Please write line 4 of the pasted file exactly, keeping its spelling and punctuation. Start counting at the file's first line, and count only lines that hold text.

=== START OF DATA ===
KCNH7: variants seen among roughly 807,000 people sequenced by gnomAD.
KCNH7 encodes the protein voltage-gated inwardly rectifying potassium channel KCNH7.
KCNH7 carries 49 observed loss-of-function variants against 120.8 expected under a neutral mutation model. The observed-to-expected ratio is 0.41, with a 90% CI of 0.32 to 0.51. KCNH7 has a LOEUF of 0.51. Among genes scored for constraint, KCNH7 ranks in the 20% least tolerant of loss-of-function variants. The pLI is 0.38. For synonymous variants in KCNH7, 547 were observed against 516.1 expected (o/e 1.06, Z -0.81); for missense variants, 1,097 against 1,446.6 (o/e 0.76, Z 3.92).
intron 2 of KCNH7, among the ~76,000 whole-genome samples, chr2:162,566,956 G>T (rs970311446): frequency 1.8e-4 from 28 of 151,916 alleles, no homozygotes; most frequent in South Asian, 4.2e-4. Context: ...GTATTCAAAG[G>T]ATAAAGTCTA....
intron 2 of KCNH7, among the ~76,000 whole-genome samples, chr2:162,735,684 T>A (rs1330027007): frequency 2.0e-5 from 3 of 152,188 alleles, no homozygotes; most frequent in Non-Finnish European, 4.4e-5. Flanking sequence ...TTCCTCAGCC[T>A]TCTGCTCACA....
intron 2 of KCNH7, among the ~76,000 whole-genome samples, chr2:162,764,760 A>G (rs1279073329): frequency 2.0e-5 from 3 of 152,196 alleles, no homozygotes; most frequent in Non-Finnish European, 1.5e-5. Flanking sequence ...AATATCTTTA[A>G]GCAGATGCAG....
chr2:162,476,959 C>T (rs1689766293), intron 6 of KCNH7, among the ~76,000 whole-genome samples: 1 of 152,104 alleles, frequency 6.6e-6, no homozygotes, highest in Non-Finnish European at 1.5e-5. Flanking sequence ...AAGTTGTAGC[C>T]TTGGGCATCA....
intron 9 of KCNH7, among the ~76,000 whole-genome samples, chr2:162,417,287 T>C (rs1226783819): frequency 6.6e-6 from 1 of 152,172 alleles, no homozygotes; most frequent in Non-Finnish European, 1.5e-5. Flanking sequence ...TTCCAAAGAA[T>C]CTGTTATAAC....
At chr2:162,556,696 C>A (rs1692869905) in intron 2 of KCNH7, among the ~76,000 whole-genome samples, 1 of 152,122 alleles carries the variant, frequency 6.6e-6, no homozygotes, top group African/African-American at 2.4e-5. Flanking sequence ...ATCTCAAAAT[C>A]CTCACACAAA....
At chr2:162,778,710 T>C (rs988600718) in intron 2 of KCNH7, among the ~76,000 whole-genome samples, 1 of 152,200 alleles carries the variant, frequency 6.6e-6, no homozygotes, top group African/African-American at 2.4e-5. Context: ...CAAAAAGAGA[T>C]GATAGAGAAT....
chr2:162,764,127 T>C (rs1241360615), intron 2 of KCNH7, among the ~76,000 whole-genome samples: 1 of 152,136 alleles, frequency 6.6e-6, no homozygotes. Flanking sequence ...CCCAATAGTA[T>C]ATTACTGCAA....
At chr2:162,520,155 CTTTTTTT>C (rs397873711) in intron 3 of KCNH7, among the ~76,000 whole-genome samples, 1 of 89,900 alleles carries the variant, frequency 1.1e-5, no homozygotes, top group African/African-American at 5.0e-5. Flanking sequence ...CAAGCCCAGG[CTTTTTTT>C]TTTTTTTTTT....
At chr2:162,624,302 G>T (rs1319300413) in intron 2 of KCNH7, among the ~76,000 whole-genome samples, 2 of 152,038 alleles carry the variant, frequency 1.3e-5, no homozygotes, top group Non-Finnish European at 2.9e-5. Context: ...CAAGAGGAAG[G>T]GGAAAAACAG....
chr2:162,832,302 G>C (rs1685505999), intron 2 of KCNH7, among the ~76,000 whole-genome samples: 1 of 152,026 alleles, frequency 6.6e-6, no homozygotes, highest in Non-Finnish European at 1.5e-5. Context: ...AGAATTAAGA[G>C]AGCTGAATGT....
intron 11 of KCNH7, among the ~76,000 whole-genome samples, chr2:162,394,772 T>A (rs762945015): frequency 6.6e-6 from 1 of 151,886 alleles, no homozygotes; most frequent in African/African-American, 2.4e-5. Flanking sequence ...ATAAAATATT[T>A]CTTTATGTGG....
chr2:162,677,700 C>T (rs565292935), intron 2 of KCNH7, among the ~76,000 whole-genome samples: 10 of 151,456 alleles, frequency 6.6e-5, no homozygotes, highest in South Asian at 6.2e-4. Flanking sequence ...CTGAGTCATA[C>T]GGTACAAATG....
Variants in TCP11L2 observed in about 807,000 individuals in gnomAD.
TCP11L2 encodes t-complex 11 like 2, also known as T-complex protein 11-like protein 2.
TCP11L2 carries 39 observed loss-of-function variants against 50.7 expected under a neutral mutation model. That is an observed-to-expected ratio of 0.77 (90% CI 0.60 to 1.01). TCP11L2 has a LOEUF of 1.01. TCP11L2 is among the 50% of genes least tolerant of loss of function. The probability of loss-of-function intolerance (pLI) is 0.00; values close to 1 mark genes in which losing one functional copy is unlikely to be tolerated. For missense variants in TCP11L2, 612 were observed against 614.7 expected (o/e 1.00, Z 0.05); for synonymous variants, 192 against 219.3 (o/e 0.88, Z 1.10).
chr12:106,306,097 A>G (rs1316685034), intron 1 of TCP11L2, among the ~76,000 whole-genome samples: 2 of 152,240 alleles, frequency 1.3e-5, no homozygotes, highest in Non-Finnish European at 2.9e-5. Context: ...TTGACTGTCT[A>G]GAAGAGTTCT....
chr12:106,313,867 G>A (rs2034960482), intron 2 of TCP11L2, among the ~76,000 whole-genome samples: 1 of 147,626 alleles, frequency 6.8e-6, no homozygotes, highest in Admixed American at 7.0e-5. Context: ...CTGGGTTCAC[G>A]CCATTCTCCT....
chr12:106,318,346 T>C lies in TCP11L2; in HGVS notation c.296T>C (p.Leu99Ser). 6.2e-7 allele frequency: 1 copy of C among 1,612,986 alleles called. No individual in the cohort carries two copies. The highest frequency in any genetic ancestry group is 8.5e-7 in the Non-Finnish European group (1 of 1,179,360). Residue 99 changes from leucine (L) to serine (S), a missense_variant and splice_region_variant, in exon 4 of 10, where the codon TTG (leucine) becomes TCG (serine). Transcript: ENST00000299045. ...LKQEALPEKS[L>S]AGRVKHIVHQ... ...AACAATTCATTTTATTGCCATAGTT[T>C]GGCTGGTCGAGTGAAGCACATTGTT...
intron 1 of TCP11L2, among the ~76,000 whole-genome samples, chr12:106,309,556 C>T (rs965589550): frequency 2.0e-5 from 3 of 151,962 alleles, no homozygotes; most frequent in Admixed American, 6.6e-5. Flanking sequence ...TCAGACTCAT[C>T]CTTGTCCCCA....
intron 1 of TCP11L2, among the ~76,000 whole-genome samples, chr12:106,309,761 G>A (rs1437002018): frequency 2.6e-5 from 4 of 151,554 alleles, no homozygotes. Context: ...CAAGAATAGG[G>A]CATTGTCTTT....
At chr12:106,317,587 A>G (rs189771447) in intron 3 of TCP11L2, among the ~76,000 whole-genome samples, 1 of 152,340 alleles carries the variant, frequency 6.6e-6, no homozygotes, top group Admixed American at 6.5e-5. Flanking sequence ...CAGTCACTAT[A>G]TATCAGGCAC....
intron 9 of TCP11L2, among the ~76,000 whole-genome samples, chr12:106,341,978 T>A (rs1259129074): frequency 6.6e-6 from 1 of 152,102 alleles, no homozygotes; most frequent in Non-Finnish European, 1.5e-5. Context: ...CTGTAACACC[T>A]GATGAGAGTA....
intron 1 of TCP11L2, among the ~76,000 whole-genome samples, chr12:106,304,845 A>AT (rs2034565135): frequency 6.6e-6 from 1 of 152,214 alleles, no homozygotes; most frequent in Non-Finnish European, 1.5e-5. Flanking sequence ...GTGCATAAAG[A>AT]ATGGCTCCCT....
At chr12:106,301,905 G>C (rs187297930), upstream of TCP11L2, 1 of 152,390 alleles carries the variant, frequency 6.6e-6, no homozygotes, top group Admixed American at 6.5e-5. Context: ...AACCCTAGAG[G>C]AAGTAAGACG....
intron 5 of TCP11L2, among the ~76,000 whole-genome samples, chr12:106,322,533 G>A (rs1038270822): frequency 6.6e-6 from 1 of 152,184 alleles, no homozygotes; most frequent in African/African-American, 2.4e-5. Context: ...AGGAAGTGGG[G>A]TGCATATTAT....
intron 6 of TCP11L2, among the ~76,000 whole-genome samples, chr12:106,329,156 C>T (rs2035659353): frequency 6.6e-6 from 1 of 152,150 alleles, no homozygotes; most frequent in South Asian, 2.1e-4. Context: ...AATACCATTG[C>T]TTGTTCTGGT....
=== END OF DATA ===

intron 2 of KCNH7, among the ~76,000 whole-genome samples, chr2:162,566,956 G>T (rs970311446): frequency 1.8e-4 from 28 of 151,916 alleles, no homozygotes; most frequent in South Asian, 4.2e-4. Context: ...GTATTCAAAG[G>T]ATAAAGTCTA....